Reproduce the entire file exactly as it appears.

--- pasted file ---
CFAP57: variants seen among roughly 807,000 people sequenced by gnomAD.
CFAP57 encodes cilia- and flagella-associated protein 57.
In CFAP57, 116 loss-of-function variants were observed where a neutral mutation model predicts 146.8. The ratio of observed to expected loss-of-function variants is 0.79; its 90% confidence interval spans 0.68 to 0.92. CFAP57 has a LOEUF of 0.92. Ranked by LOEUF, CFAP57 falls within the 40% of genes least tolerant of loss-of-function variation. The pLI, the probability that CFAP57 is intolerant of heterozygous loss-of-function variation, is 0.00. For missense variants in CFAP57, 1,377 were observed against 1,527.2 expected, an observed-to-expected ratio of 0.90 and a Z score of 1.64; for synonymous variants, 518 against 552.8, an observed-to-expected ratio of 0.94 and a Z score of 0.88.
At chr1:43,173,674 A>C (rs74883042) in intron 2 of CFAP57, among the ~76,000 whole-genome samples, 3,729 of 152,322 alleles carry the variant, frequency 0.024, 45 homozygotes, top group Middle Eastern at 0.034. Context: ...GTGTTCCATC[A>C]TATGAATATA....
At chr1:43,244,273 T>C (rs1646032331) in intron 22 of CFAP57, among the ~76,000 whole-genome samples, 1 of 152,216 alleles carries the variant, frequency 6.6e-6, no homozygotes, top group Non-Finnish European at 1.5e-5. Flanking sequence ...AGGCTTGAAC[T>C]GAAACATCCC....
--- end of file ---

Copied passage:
CFAP57: variants seen among roughly 807,000 people sequenced by gnomAD.
CFAP57 encodes cilia- and flagella-associated protein 57.
In CFAP57, 116 loss-of-function variants were observed where a neutral mutation model predicts 146.8. The ratio of observed to expected loss-of-function variants is 0.79; its 90% confidence interval spans 0.68 to 0.92. CFAP57 has a LOEUF of 0.92. Ranked by LOEUF, CFAP57 falls within the 40% of genes least tolerant of loss-of-function variation. The pLI, the probability that CFAP57 is intolerant of heterozygous loss-of-function variation, is 0.00. For missense variants in CFAP57, 1,377 were observed against 1,527.2 expected, an observed-to-expected ratio of 0.90 and a Z score of 1.64; for synonymous variants, 518 against 552.8, an observed-to-expected ratio of 0.94 and a Z score of 0.88.
At chr1:43,173,674 A>C (rs74883042) in intron 2 of CFAP57, among the ~76,000 whole-genome samples, 3,729 of 152,322 alleles carry the variant, frequency 0.024, 45 homozygotes, top group Middle Eastern at 0.034. Context: ...GTGTTCCATC[A>C]TATGAATATA....
At chr1:43,244,273 T>C (rs1646032331) in intron 22 of CFAP57, among the ~76,000 whole-genome samples, 1 of 152,216 alleles carries the variant, frequency 6.6e-6, no homozygotes, top group Non-Finnish European at 1.5e-5. Flanking sequence ...AGGCTTGAAC[T>C]GAAACATCCC....